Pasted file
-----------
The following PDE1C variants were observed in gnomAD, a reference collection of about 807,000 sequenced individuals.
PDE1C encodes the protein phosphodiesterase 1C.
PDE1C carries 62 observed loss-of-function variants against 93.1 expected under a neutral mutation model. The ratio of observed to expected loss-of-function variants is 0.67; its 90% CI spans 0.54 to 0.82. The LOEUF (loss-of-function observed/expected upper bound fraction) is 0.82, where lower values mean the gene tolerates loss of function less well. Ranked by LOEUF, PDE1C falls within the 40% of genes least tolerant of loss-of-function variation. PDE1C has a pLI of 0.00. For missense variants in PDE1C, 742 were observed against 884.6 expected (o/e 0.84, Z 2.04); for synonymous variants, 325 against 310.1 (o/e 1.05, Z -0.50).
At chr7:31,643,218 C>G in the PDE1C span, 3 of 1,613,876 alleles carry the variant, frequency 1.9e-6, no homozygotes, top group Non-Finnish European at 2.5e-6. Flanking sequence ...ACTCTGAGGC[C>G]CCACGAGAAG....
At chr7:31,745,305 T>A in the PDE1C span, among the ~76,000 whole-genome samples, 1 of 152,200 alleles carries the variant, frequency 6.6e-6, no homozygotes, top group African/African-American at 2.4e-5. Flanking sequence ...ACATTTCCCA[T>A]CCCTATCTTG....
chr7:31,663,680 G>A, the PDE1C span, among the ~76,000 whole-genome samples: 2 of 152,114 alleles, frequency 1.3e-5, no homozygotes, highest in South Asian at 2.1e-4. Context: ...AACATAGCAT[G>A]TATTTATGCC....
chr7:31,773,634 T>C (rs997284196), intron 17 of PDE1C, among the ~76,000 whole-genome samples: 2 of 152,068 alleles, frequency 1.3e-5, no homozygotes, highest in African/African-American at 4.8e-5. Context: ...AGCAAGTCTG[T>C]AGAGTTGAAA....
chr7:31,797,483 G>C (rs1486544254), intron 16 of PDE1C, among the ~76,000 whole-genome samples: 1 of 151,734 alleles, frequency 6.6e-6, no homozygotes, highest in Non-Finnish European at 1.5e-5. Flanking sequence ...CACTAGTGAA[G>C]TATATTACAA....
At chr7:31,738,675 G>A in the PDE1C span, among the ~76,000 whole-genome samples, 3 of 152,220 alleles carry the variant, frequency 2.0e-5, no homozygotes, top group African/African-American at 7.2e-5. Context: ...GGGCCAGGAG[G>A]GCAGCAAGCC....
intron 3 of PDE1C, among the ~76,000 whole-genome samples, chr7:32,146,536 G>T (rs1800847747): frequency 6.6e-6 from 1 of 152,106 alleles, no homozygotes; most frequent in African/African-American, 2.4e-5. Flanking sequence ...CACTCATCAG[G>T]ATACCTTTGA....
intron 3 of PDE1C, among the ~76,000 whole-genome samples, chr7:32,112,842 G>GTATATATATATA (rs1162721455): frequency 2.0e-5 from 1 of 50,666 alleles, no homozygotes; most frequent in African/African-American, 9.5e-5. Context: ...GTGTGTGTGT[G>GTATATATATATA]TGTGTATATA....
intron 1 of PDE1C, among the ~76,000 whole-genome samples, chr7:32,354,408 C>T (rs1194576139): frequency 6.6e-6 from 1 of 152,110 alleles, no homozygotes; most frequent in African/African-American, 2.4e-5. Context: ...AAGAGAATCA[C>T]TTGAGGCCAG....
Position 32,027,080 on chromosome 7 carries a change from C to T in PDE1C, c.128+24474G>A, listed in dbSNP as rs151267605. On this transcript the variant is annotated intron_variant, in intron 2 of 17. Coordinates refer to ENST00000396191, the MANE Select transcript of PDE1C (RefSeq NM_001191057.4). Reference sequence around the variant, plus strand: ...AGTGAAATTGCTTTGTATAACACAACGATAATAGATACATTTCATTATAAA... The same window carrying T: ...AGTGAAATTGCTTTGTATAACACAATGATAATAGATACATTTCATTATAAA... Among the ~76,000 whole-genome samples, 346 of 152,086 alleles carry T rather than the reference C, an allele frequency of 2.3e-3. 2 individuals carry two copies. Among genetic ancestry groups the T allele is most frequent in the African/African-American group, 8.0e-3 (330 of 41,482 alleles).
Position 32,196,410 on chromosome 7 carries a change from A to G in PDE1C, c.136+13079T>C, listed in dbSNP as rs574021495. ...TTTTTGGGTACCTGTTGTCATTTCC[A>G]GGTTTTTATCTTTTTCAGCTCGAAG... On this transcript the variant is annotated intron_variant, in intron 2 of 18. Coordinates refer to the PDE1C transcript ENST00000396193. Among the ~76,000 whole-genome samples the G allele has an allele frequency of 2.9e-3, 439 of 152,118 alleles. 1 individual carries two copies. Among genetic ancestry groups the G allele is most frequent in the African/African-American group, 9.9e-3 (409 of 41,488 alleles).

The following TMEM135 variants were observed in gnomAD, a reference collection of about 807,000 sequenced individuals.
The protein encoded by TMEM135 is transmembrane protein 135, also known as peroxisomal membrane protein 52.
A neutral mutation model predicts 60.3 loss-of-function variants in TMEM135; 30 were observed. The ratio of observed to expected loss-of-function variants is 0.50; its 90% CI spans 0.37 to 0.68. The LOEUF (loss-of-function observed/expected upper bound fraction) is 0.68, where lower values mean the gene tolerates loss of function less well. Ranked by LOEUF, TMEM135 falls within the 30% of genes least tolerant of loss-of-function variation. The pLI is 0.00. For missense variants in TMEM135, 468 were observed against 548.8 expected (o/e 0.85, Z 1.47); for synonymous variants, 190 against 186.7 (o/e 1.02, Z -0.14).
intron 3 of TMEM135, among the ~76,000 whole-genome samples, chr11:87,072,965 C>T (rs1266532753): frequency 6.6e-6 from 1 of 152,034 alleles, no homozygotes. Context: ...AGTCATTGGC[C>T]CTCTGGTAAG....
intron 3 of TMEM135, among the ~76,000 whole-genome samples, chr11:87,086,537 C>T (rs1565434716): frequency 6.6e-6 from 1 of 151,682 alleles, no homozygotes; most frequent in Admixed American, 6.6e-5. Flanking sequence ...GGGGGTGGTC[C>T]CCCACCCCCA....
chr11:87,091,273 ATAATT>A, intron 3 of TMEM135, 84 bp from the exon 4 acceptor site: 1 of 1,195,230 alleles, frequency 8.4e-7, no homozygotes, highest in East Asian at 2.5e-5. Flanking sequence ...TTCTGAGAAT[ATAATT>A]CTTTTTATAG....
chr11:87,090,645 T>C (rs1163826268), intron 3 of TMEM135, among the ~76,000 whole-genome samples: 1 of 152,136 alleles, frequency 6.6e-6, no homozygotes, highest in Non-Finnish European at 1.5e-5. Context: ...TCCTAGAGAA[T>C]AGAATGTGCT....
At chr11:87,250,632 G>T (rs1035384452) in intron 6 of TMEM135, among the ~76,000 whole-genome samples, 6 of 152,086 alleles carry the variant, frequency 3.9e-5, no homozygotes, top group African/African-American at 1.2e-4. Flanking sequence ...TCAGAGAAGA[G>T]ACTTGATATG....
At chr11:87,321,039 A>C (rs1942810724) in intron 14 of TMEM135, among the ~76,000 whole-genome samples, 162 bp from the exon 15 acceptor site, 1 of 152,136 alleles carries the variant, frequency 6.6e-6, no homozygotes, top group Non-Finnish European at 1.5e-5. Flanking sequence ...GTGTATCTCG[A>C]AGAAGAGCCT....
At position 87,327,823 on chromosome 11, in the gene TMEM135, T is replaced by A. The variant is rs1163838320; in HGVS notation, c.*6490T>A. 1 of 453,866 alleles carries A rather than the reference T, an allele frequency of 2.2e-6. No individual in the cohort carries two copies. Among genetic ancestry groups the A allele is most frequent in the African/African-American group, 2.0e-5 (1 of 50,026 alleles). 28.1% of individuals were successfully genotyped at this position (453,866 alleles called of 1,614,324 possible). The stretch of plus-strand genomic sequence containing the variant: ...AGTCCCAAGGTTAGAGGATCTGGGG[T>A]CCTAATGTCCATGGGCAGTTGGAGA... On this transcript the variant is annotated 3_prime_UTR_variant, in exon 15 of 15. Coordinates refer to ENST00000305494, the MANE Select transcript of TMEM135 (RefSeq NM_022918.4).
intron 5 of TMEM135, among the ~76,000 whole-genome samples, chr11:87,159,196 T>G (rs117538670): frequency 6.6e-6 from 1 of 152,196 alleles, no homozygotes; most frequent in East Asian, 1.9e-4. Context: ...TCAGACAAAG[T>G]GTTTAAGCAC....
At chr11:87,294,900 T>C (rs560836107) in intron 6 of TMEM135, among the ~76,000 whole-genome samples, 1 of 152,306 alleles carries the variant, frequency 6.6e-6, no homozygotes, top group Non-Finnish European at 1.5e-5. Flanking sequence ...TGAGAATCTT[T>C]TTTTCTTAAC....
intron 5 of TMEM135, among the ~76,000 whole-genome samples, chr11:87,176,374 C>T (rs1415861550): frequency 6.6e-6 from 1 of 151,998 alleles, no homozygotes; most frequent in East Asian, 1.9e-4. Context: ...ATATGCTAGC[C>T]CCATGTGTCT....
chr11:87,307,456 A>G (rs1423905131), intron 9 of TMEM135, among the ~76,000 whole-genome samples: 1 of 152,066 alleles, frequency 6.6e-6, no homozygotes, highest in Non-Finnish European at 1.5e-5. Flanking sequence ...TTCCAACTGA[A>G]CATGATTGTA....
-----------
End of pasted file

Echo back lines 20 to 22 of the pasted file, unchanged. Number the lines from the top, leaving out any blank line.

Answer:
chr11:87,091,273 ATAATT>A, intron 3 of TMEM135, 84 bp from the exon 4 acceptor site: 1 of 1,195,230 alleles, frequency 8.4e-7, no homozygotes, highest in East Asian at 2.5e-5. Flanking sequence ...TTCTGAGAAT[ATAATT>A]CTTTTTATAG....
chr11:87,090,645 T>C (rs1163826268), intron 3 of TMEM135, among the ~76,000 whole-genome samples: 1 of 152,136 alleles, frequency 6.6e-6, no homozygotes, highest in Non-Finnish European at 1.5e-5. Context: ...TCCTAGAGAA[T>C]AGAATGTGCT....
At chr11:87,250,632 G>T (rs1035384452) in intron 6 of TMEM135, among the ~76,000 whole-genome samples, 6 of 152,086 alleles carry the variant, frequency 3.9e-5, no homozygotes, top group African/African-American at 1.2e-4. Flanking sequence ...TCAGAGAAGA[G>T]ACTTGATATG....